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I Marine Expeditionary Force (MEF) Information Group (I MIG) provides administrative, training, and logistical support while in CONUS and forward deployed to the I MEF and I MEB Command Elements. Additionally, function as Higher Headquarters for the four Major Subordinate Elements in order to allow I MEF CE to execute warfighting functions in support of service and COCOM initiatives as required.

Plan and direct, collect process, produce and disseminate intelligence, and provide, counterintelligence support to the MEF Command Element, MEF major subordinate commands, subordinate Marine Air Group Task Force(MAGTF), and other commands as directed

Photo Information

Lance Cpl. Steven Hoggand, a machine gunner and section leader with 1st Platoon, Company C, 1st Battalion, 7th Marines, directs his Marines’ fire while suppressing an enemy position during platoon attack drills, July 24, aboard Marine Corps Air Ground Combat Center Twentynine Palms, Calif. Training began for the Marines of Company C with a combined arms fire and maneuver exercise as part of their Integrated Training Exercise in preparation for their upcoming deployment with Special Purpose Marine Air Ground Task Force Crisis Response Central Command 16.1 scheduled to depart later this year.

Photo by Cpl. Seth Starr

1/7 destroys in platoon attack

27 Jul 2015 | Cpl. Seth Starr I Marine Expeditionary Force

It was a warm morning when Marines from 1st Battalion, 7th Marine Regiment, 1st Marine Division, rose at 3:17 a.m. to begin preparation for platoon attacks aboard Marine Corps Air Ground Combat Center Twentynine Palms, Calif., July 24. 

Training began for the Marines of Company C with a combined arms fire and maneuver exercise as part of their Integrated Training Exercise in preparation for their upcoming deployment with Special Purpose Marine Air Ground Task Force Crisis Response Central Command 16.1 scheduled to depart later this year. 

Platoon attacks started with an assault on three reinforced enemy machine gun bunkers. The goal of the assault was to effectively suppress enemy positions, breach any obstacles toward the objective and clear all three bunkers. 

1st Lt. Cress Clippard, platoon commander for 1st Platoon, Company C, said that his Marines performed well and adapted to the situation despite several unknowns.

“This is a lot more challenging than we’re used to because instructor trainers from TTECG [Tactical Training Exercise Control Group] will throw obstacles in our way that test our skills of leadership and problem solving,” said Clippard. “However, my Marines took charge and quickly handled the situation without error.”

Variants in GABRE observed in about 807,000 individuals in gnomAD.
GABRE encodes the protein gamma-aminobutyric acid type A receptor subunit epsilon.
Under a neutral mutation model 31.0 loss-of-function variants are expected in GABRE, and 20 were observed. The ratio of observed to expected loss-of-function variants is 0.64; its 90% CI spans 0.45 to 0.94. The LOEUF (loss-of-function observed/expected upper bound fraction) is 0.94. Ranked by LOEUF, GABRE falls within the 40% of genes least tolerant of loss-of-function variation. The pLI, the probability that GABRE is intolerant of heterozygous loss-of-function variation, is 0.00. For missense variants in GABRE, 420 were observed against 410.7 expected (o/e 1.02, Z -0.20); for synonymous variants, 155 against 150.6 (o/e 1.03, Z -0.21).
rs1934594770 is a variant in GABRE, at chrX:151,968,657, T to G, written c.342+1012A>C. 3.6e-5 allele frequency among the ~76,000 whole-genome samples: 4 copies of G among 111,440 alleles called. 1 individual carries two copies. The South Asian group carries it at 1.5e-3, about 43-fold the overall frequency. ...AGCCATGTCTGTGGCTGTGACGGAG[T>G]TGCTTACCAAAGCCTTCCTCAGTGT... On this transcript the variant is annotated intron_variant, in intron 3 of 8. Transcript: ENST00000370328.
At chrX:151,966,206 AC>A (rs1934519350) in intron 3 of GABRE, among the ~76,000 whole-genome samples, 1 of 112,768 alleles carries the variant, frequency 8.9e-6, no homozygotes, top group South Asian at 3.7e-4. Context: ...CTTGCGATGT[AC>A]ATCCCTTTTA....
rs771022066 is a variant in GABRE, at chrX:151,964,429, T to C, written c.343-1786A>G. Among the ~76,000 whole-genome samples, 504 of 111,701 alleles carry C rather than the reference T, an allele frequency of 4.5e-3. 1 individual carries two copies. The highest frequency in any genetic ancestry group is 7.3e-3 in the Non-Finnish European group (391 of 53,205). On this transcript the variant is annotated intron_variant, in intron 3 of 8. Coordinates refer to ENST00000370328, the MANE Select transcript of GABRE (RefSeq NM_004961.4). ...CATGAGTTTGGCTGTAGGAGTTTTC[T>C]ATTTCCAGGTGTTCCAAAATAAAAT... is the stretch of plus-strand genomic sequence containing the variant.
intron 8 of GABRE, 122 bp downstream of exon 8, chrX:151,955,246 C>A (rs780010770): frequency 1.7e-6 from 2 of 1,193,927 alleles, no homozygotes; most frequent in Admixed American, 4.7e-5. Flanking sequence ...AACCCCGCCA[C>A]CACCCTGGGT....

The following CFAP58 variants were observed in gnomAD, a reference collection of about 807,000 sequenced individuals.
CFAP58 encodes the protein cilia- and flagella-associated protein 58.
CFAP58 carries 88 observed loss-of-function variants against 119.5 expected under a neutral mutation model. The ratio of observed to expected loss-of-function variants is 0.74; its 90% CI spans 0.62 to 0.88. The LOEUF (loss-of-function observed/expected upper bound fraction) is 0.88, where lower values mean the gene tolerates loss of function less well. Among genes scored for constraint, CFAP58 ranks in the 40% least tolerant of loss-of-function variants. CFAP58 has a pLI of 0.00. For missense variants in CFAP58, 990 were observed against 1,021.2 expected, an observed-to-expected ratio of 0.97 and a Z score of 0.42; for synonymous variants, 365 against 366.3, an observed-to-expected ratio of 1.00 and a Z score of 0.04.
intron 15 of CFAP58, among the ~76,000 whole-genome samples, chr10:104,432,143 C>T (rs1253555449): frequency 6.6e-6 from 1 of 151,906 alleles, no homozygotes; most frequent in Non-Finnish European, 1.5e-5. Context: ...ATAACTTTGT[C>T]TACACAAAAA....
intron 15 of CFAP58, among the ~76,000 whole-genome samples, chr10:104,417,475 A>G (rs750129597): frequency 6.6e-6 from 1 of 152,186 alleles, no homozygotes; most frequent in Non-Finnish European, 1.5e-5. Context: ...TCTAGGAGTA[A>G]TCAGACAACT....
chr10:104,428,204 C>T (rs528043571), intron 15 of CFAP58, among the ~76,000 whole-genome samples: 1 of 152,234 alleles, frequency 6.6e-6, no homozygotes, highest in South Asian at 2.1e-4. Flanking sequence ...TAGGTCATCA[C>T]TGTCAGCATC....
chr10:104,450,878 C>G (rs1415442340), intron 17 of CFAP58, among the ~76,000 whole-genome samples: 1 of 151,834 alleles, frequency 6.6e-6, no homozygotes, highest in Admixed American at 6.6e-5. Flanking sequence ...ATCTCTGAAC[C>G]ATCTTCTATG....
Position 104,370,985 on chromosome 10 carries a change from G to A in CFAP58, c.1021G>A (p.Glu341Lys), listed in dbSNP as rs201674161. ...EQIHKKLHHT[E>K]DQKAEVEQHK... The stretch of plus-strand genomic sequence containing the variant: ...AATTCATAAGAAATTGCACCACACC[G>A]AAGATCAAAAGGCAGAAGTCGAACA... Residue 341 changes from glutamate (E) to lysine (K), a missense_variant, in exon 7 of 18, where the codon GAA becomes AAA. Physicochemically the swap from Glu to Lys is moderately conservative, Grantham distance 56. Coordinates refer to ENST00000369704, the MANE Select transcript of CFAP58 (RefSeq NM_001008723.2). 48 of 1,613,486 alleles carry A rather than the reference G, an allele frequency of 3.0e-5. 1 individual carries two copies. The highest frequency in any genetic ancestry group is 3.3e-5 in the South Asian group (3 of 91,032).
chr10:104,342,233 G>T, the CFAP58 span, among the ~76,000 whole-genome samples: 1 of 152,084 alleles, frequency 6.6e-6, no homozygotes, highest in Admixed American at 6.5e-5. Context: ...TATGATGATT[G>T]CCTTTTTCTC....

When the assault began, Marines occupied two support by fire positions and initiated suppressing of all three enemy bunkers, while engineers and rifleman skirted along a jagged creek bed under the cover of M240 medium machine guns. 

“In order to grow and develop my platoon as a whole, I allow my squad leaders to take charge after I issue a command,” said Clippard. 

After breaching several wire obstacles in the creek bed and sustaining two casualties, riflemen aggressively closed on their objectives one by one and eliminated threats through the use of fragmentation grenades and close quarters fire. 

“I believe this kind of training is necessary for refining the basics,” said Lance Cpl. Randy Dick, a grenadier with 1st Platoon, Company C. “Improving marksmanship, communication and violence of action are all skills that ensure we do this job right.” 

Through aggressive action and effective communication, 1st Platoon will continue to prepare for their deployment with SPMAGTF-CR-CC.

Photo Information

Lance Cpl. Steven Hoggand, a machine gunner and section leader with 1st Platoon, Company C, 1st Battalion, 7th Marines, directs his Marines’ fire while suppressing an enemy position during platoon attack drills, July 24, aboard Marine Corps Air Ground Combat Center Twentynine Palms, Calif. Training began for the Marines of Company C with a combined arms fire and maneuver exercise as part of their Integrated Training Exercise in preparation for their upcoming deployment with Special Purpose Marine Air Ground Task Force Crisis Response Central Command 16.1 scheduled to depart later this year.

Photo by Cpl. Seth Starr

1/7 destroys in platoon attack

27 Jul 2015 | Cpl. Seth Starr I Marine Expeditionary Force

It was a warm morning when Marines from 1st Battalion, 7th Marine Regiment, 1st Marine Division, rose at 3:17 a.m. to begin preparation for platoon attacks aboard Marine Corps Air Ground Combat Center Twentynine Palms, Calif., July 24. 

Training began for the Marines of Company C with a combined arms fire and maneuver exercise as part of their Integrated Training Exercise in preparation for their upcoming deployment with Special Purpose Marine Air Ground Task Force Crisis Response Central Command 16.1 scheduled to depart later this year.